Open call for posts on the Center for Human Rights and Legal Pluralism's blog
Since its founding in 2005, McGill University’s Centre for Human Rights and Legal Pluralism (CHRLP) has brought together experts, practitioners, scholars and students to develop research and teaching on some of the most intractable human rights problems we are facing today. The CHRLP’s core value of examining plurality in a globally connected world has led to the creation of a vibrant and growing community of scholars and students, now standing at 36 full academic members, seven associate academic members and over 50 international fellows and researchers, varying from academics to students and professionals. This diverse community has prompted innovative legal and interdisciplinary work in a range of human rights issues spanning disability rights, migration and mobility, indigenous rights, theoretical perspectives to human rights, economic justice and governance.
Under the theme of “The UDHR at 70; Pasts, Presents and Futures”, in the 2018-19 academic year, the CHLRP blog published 22 peer-reviewed and edited original essays from 20 different contributors, interacting with cutting-edge research. Topics ranged from theories of global human rights, to corporate social responsibility, NGO responsibility for the actions of their agents, the Pittsburgh and Christchurch massacres, and constitutionalism and society-state relations in the Middle East. Leveraging the CHRLP’s extensive international networks, the blog captured rich and diverse perspectives from both young and established scholars and advocates.
Theme: Reclaiming Universal Human Rights in a Plural Global Order
For the 2019-2020 academic year, the Center aspires to expand its outreach with an open call for blog posts, with the aim of attracting voices from home and away, on cutting edge questions intersecting with human rights and pluralism.
“Reclaiming Universal Human Rights in a Plural Global Order” is the designated theme for the year. Although the UDHR and subsequent UN human rights instruments, have undeniably paved the way for the international human rights movement, grave rights violations continue to be perpetrated around the globe. Furthermore, the foundations of universal human rights face an existential crisis with the rise of populist nationalism, the attack on globalization, the influence of technology and threats to international institutions. It is an opportune moment to engage with looming challenges and opportunities for human rights as a universal system of norms that reflect the reality of global justice today.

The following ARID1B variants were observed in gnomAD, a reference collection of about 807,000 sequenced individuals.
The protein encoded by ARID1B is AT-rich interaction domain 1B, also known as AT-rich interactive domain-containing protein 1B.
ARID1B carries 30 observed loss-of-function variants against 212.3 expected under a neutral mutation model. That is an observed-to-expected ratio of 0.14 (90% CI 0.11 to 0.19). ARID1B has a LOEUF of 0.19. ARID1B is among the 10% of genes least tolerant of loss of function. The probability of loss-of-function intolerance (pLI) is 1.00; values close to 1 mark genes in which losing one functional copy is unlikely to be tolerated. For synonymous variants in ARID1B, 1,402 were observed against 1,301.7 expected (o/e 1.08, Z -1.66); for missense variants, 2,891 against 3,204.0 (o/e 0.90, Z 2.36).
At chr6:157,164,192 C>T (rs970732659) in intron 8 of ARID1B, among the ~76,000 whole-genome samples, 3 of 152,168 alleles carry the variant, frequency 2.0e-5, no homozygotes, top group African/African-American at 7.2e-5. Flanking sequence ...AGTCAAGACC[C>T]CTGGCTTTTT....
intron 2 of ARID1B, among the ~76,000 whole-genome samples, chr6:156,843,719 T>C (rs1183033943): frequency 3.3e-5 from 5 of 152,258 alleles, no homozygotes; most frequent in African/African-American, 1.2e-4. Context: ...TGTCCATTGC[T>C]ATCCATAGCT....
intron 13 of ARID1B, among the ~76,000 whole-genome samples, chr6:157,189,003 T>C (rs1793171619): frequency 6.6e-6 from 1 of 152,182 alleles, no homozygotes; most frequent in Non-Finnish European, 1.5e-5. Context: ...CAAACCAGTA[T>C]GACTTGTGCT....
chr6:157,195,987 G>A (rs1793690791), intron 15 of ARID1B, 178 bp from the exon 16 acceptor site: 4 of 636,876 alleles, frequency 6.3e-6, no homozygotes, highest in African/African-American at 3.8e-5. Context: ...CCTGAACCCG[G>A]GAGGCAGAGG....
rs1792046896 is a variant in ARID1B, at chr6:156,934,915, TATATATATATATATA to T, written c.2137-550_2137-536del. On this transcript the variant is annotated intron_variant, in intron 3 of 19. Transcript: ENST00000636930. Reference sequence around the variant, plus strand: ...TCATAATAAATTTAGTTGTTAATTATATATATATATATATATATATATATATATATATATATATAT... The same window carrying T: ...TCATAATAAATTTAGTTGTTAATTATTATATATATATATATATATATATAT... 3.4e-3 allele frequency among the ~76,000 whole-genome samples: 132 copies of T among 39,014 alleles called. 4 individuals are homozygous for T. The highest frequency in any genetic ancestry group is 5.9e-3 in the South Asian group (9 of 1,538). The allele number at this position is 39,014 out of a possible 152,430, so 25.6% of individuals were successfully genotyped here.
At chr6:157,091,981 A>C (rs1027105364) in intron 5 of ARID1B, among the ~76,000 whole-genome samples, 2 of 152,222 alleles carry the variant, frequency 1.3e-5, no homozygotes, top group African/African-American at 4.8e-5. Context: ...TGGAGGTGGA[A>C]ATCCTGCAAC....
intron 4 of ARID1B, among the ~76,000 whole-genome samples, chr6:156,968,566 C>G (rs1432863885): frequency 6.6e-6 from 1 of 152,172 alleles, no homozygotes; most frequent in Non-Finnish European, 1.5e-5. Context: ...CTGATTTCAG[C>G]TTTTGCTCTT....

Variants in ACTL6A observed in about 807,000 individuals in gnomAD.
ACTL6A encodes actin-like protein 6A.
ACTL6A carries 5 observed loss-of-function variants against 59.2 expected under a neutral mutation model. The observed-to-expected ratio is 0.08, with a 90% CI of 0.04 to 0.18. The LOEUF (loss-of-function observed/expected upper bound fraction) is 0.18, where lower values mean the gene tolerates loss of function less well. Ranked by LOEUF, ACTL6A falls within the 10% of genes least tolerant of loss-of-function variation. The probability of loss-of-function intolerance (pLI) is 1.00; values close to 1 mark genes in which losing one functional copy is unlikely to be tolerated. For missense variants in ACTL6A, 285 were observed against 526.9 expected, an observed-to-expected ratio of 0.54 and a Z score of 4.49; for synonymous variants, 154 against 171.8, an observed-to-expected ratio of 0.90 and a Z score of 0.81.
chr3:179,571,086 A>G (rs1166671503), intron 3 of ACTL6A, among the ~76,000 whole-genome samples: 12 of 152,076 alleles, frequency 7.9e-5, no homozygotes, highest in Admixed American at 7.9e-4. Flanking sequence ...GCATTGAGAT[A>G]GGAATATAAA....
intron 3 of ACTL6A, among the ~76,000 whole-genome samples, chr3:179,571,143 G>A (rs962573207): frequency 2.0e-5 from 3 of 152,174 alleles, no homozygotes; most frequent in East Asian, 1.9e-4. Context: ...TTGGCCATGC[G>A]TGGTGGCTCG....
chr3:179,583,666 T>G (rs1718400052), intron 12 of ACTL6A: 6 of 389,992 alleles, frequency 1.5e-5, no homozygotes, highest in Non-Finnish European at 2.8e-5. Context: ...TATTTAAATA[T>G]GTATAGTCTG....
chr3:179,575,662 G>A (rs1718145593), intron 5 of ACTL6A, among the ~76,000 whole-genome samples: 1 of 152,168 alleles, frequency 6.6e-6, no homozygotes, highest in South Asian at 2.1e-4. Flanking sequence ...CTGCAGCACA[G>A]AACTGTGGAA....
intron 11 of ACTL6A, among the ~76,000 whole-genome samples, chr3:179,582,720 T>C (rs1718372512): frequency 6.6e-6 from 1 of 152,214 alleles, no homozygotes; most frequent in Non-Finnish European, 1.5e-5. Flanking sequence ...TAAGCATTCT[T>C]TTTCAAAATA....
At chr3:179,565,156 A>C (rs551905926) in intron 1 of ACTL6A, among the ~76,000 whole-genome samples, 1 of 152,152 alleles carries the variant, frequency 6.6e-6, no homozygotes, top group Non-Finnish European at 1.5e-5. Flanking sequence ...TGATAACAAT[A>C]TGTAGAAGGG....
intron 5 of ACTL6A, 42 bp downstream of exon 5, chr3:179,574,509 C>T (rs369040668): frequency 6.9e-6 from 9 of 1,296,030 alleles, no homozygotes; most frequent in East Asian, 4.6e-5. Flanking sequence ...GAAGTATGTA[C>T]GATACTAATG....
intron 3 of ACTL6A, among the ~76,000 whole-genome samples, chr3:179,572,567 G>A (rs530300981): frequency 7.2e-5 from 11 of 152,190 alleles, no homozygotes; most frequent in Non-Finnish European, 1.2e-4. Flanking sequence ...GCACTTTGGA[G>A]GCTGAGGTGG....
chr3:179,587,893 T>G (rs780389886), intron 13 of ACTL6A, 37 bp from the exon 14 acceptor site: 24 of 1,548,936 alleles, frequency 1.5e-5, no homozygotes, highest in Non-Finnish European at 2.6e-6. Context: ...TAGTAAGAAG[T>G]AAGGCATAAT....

This theme will fit into a dialogue and podcast series that will launch at the Center this year. Themes explored in the series will range from “the moral operating system of Universal Human Rights”, “the place of non-state actors in international human rights”, “gender, law and social change”, “public trust, accountability and participation in advancing human rights”, “migration, governance and human rights” and more. Of course, blog propositions are not limited to this set of topics and concepts, and we welcome any discussion that touches on our theme broadly or specifically.
Standards and format
The Blog Editors ask authors to follow a relatively simple set of standards before submitting their blog pieces. Anything not mentioned here is at the discretion of the author.
We will accept ORIGINAL essays on a rolling basis, and hope for a publication within 3 weeks to a month from original reception, provided our format requirements are respected. Please be mindful that we are NOT personal editors, and will accept only advanced drafts and not partially edited pieces.
We prefer shorter, incisive and argument-driven pieces that remain within a 1000-1200 word limit, although we have published longer pieces. Format should remain as simple and readable as possible, with a Times New Roman, 12 points font, and either a 1 or 1.5 spacing. Paragraphs should be separated with one line and start with an indent from the margin. Change in sections should be with a single line, and with a short subtitle, left aligned, in bold lettering.
We invite submission using a variety of writing styles, including narratives and opinion pieces. However, a certain rigor is still expected. Citations and footnotes are not required, but are accepted if the author feels the need for it. We ask however that said citations and footnotes be formatted following the Canadian Guide to Uniform Legal Citation, 9th edition. We also welcome and encourage hyperlinking of sources directly into the body of the essay.
After the original submission of the draft essay, the editors will require a week or two to do a first read of the essay, after which it will be returned to the author with editorial comments and recommendations. Although said comments and recommendations are not demands, cooperation is most welcome. After consideration of the proposed edits, the author is kindly asked to send the essay again to the editors, with a short 2-3 sentences bio, from which the editors will do a second read-through. If the editors find the essay ready upon that second read, we will then proceed with publication.
The author will then be asked to provide, if comfortable, a quality (one megabyte) portrait-style photograph, and if available (meaning, if the author has the rights to it), a quality evocative photograph to illustrate the essay in landscape format. If such a picture is not available, the editors, in consultation with the author, will procure one from the public domain.
The editors further retain the right to refuse to publish an essay at any moment of the process, for any considerations that will be communicated to the author.
Submissions can be emailed to human.rights [at] mcgill.ca.